Archive for the ‘Police Tools and Equipment’ Category

PostHeaderIcon Reid Fontaine and Michael Jones: Till The Cows Come Home

There’s no doubt that cows have gentle, kind eyes. That’s the nature of the beast. They’re basically passive animals with one thing on their mind, food. And that’s perfectly understandable because they have nothing else to do. They don’t get cable in their barns. They have no means of recharging a Kindle. And their social lives with members of the opposite sex is basically nonexistent. Sure, once in a while a farmer’ll play matchmaker and hook them up with a studly bull from out of town, but as far as dating goes, that’s about it.

Well, those boring and lonely days ended last week for a few dairy cows in Herkimer County, New York. Two men, Michael Jones, 35, and Reid Fontaine, 31, were caught on surveillance footage having sex with several dairy cows inside a barn.

Reid Fontaine (left) and Michael Jones (Picture: New York State Police)

The dairy farmer became suspicious when his cows appeared anxious and weren’t producing a normal amount of milk. That’s when he installed the camera.

Finally, the cows had something to smile about.

The surveillance footage showed Fontaine having his way with the cows while his buddy Michael Jones filmed the bovine-human porn. That’s right, one watched while the other…well, you know.

The two were arrested and charged with misdemeanor sexual misconduct.

This tail tale reminds me of my own experience with humans who found members of the opposite species far too attractive to pass up. Some of you, I’m sure, have either read this or heard me tell the story. Since it goes hoof in hoof with this incident, I thought I’d re-post it in conjunction with this latest barnyard love story. Here goes…

Takin’ Bacon: The Big Investigation – A True Story

I call this “tail” Takin’ Bacon, and it’s a true story . . . really, it is.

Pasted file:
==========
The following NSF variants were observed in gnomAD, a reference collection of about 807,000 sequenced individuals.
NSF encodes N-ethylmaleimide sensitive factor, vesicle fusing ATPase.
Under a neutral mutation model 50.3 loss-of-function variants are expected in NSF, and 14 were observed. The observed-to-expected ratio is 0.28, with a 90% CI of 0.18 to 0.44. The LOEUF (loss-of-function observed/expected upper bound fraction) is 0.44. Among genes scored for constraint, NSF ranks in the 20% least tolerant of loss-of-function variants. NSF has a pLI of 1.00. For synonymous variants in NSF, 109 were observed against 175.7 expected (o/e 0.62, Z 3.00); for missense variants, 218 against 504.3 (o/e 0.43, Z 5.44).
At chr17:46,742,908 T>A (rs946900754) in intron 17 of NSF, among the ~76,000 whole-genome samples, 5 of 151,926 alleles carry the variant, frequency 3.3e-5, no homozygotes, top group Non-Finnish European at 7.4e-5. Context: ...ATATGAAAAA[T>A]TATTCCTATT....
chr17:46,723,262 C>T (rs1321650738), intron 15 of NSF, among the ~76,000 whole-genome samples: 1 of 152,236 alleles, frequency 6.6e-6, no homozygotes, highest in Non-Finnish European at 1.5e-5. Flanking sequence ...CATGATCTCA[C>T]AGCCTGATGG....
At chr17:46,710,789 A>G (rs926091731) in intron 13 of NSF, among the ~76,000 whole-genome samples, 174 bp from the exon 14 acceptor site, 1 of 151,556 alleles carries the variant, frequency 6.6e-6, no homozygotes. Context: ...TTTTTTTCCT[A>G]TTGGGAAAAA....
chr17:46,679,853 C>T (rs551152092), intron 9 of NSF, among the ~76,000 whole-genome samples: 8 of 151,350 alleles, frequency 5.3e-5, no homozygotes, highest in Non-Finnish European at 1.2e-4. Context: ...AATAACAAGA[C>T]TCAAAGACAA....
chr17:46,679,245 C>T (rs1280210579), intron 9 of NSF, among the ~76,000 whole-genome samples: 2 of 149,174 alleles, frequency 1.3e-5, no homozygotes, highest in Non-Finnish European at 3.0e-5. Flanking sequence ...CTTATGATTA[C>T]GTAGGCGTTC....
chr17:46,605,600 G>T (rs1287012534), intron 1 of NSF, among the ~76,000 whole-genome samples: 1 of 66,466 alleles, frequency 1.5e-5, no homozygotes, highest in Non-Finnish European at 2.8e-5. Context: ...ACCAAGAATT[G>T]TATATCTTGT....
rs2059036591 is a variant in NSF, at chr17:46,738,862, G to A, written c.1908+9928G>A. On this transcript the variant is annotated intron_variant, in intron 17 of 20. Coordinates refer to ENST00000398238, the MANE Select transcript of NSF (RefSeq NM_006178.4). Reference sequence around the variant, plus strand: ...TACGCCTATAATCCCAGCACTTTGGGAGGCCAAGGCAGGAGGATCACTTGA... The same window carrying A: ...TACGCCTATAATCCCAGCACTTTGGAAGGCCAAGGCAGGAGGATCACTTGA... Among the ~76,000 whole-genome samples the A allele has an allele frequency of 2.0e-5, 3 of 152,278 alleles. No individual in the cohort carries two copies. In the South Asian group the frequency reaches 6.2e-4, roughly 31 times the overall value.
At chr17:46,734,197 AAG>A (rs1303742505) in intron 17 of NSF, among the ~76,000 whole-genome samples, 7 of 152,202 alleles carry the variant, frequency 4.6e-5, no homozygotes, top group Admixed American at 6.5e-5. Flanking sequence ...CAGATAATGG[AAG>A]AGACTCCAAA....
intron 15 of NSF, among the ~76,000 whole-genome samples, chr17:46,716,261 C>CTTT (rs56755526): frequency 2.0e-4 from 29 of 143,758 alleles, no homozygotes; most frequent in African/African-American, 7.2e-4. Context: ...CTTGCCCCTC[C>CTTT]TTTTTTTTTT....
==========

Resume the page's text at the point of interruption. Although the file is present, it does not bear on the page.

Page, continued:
Crime-solving is not always as easy as television would have us believe. Sometimes police officers really have to work hard to get to the bottom of a particularly complex crime. Cops, an ever resourceful bunch, use a variety of means to crack each of their cases, and one truly odd series of events comes to mind when I think about using odd crime-solving techniques.

As most of you know, I was a police detective for many years, and part of my job was to solve major crimes, such as murder, rape, and robbery. Sure, I paid my dues early in my career by writing tickets and directing traffic, but my real passion was the puzzle-solving that’s associated with tracking down a murderer.

Before most detectives are allowed to investigate the more serious crimes, though, they’re normally assigned to easier-to-solve, less intricate cases, such as bad checks and stolen tricycles. One of my introductory cases was unusual to say the least. My boss, a gruff and tough-as-rusty-nails sheriff, dispatched me to get to the bottom of a rash of stolen hogs. No, not the cool and expensive motorcycles—real pigs, as in walking pork chops.

Someone was stealing live four- or five-hundred pound porkers directly from a farmer’s hog farm, and they were taking at least one or two each weekend. The pigs (hundreds of them) were kept in many buildings on the large farm, so my partner and I thought the best way to nab these guys was to wait inside one of the elaborate hog parlors until the criminals arrived to do their dirty deed. Our plan was simple; when the crooks entered the building we would jump up, turn on the lights, and nab the rustlers in the act of felony pig-napping.